Optus has announced it is trialling Gigasite mobile technology with throughput speeds of up to 2.3 gigabytes per second, which the carrier is hailing as world first, as a key executive stands aside from the telecommunications giant.
The tests are being run from a mobile phone tower at St Marys in Sydney’s western suburbs, as well as a second tower at Lambton in Newcastle.
The two live network test sites, built with custom equipment from Nokia Solutions and Networks (NSN) and Huawei, is measuring the total throughput capacity of Optus’ bandwidth when used for 4G communications.
The Optus Gigasites have achieved a number of world firsts, including the highest total throughput capacity achieved on a live network site (1.65 to 2.32 Gbps) and the most spectrum ever on a live network site (a total of 286.8 MHz, across seven spectrum bands).
The carrier also claims the mobile towers have the largest number of 4G/LTE layers on a single site (five) and eight technology/band combinations.
Upon first releasing Gigasite network equipment in September 2011, Huawei issued a statement explaining how the technology uses multiple bands to achieve higher throughput speeds.
“Huawei’s GigaSite utilizes future-oriented technologies to realize higher spectrum efficiency and increased throughput and peak speeds. The GigaSite supports multi-band, multi-mode and multi-sector for increased total capacity.
“The power amplifiers offer the highest power output possible for the smallest possible volume. GigaSites also offers simplified site management and a reduction in the total cost of ownership.”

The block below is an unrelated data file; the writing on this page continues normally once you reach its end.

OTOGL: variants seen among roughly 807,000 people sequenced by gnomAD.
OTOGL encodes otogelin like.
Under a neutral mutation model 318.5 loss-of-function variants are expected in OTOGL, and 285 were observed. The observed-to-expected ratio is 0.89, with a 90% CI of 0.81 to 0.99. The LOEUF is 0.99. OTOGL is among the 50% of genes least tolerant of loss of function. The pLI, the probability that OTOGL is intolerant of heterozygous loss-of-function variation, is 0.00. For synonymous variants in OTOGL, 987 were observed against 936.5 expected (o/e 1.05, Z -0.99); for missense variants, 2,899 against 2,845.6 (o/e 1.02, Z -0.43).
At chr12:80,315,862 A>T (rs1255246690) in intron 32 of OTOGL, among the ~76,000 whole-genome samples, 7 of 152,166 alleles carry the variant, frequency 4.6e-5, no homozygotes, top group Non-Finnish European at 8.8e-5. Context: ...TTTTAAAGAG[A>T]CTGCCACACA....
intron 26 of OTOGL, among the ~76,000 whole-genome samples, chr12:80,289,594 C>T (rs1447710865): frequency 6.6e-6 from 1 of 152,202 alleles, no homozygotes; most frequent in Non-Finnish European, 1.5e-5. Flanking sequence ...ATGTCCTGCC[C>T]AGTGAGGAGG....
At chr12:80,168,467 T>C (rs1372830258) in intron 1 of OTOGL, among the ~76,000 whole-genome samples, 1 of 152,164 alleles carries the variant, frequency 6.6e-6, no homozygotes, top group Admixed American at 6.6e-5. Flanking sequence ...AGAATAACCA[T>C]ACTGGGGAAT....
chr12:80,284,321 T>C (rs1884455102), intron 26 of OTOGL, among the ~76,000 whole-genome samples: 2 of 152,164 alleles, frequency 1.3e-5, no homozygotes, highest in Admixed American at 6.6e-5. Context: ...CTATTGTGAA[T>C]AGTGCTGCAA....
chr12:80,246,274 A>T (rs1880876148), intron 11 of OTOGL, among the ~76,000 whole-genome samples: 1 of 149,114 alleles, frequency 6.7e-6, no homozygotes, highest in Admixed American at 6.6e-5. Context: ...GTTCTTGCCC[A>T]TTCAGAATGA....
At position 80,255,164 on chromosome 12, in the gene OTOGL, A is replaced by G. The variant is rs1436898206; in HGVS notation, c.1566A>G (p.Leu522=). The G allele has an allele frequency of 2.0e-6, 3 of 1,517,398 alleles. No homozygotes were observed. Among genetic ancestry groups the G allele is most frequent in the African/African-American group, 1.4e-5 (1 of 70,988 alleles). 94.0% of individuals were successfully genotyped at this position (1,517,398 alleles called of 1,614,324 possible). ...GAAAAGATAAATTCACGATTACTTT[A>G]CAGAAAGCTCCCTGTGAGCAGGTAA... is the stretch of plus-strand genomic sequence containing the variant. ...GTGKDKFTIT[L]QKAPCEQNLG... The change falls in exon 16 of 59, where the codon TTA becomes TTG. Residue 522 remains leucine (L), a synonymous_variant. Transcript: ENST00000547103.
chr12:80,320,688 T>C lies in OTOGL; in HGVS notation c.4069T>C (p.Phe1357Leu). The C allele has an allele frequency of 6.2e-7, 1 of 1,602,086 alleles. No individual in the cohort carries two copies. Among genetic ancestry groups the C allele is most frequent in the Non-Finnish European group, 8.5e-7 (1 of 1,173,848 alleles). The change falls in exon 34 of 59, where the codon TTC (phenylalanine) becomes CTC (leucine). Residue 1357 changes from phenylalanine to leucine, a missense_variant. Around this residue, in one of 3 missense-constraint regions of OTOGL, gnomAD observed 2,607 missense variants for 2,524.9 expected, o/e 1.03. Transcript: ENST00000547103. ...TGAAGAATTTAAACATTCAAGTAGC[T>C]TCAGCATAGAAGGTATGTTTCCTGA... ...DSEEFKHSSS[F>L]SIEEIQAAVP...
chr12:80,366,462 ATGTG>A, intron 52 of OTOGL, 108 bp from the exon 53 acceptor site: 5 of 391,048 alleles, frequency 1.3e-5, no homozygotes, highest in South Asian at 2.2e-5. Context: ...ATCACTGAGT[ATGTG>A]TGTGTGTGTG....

In a statement, Optus’ vice president of mobile engineering, Andrew Smith, explains the tests involved 16 test drive vehicles, 21 engineers, 58 test devices (including smartphones and dongles) and 31 laptops.
“Our Gigasite project is about demonstrating our network of the future, and how Optus will be able to provide our customers with unparalleled capacity to meet their ever increasing appetite for data, and deliver a faster, more consistent network experience.
“Optus’ market-leading metro spectrum assets mean that we have the capacity to provide exceptional customer experience to our mobile data customers, even under extremely heavy network loads.
“The trial was conducted on our live network, not in lab conditions – but with real devices, out in the field.
“As 4G continues to evolve, being able to optimally leverage a multi-band network strategy is increasingly important. Optus, in partnership with our vendors, expects to lead the world in its ability to plan, design, optimise and manage mobile network data traffic across multiple spectrum layers.”
Meanwhile, Optus has announced its Australian consumer chief, Kevin Russell, is leaving the company, with Australian chief Paul O’Sullivan filling the role until a replacement is found.
In a statement, Optus vice president of corporate and regulatory affairs, David Epstein, praises Russell for service.
“Kevin joined Optus just over two years ago and has provided strong leadership in repositioning the company. Several months ago Kevin told me that he wished to move on to other challenges on completion of this phase, after ensuring an orderly transition that embeds the strategic transformation he has led.”
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